WARMER OCEAN TEMPERATURES AFFECTING BABY SHARKS Researchers from the ARC Centre of Excellence for Coral Reef Studies (Coral CoE), administered by James Cook University (JCU) andworkingwith the University of Massachusetts have found that as climate change causes the world’s oceans towarm, baby sharks are born smaller, exhausted, undernourished and into environments that are already difficult for them to survive in. PhD candidate, CarolynWheeler, examined the effects of increased temperatures (up to 31°C) on the growth, development and physiological performance of epaulette sharks – an egg-laying species found only on the Great Barrier Reef (GBR). ‘The hotter the conditions, the faster everything happened, which could be a problem for the sharks. The embryos grew faster and rapidly depleted their yolk sac, which is their only source of foodwhilst developing in the egg.’ Embryos hatched earlier than usual, were smaller, and hatchlings needed to feed almost straight away – while lacking significant energy. Associate Professor Jodie Rummer, a Discovery Early Career Researcher Award recipient fromCoral CoE at JCU, says the waters of the GBRwill likely experience summer averages close to or even exceeding 31°C by the end of the century. ‘The epaulette shark is known for its resilience to change, even to ocean acidification,’ Dr Rummer says. ‘So, if this species can’t cope withwarmingwaters then howwill other, less tolerant species fare?’ The researchwas a collaborative effort between the Anderson Cabot Center for Ocean Life and the husbandry staff at the NewEnglandAquarium in Boston.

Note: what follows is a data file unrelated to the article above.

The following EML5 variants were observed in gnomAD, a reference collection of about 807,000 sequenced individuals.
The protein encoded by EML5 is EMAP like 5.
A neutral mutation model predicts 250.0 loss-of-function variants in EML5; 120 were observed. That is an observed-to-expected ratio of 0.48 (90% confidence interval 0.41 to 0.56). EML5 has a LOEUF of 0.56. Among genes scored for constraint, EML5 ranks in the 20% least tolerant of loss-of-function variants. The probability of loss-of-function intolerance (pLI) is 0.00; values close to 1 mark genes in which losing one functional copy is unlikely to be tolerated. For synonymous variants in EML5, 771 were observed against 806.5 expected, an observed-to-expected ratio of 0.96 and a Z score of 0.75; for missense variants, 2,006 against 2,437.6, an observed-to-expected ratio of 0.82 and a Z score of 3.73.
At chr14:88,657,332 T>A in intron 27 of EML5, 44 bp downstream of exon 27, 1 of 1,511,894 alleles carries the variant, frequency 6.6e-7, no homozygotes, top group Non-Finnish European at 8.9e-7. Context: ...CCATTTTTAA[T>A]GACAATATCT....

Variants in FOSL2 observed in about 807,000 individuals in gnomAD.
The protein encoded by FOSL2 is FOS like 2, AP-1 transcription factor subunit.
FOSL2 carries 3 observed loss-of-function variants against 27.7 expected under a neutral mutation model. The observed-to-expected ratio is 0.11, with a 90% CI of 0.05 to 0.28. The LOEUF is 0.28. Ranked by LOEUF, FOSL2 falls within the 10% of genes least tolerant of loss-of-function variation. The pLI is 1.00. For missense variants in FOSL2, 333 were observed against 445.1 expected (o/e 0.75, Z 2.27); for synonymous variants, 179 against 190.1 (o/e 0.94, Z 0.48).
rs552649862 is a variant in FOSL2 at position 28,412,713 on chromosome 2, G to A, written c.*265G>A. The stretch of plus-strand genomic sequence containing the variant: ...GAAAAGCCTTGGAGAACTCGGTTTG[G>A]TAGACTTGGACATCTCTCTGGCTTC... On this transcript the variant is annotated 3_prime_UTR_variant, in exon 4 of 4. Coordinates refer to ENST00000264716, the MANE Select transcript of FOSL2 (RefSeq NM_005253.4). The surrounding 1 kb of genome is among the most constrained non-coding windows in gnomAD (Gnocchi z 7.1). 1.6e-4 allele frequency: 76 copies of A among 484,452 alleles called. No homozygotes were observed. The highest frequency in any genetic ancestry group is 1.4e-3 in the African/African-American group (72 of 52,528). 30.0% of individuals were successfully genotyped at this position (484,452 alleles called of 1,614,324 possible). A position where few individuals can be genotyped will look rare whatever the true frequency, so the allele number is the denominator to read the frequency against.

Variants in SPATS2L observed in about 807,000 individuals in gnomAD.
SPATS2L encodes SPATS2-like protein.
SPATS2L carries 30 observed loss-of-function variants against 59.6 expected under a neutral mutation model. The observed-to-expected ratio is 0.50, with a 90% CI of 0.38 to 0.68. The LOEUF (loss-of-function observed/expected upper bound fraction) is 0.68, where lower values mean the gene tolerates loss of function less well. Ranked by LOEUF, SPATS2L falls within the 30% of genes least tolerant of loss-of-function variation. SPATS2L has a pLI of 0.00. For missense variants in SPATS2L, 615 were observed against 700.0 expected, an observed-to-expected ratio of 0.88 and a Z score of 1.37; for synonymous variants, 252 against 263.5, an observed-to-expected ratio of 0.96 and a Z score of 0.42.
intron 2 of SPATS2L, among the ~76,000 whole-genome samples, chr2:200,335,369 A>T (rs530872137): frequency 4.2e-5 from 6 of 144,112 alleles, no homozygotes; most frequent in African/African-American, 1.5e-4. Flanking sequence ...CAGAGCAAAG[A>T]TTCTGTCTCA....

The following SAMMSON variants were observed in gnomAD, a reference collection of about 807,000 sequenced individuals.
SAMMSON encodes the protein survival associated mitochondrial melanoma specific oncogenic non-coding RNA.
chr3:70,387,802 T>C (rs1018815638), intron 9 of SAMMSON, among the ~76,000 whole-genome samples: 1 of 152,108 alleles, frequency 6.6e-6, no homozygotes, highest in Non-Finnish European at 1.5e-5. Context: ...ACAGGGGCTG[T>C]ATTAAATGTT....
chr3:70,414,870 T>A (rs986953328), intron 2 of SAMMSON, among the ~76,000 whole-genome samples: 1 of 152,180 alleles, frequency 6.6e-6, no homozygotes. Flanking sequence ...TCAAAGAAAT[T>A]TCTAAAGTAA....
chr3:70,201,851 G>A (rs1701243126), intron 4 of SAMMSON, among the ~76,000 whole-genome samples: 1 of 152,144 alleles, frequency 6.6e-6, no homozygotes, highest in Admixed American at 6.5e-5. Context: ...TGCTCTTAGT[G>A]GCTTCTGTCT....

‘THE STUDY PRESENTS A WORRYING FUTURE GIVEN THAT SHARKS ARE ALREADY THREATENED. SHARKS ARE IMPORTANT PREDATORS THAT KEEP OCEAN ECOSYSTEMS HEALTHY. WITHOUT PREDATORS, WHOLE ECOSYSTEMS CAN COLLAPSE WHICH IS WHY WE NEED TO KEEP STUDYING AND PROTECTING THESE CREATURES,’ SAYS PHD CANDIDATE, CAROLYN WHEELER.
A newly hatched epaulette shark. Credit: Jodie Rummer.
UNDERSTANDING THE NATURALWORLD
Made with FlippingBook Converter PDF to HTML5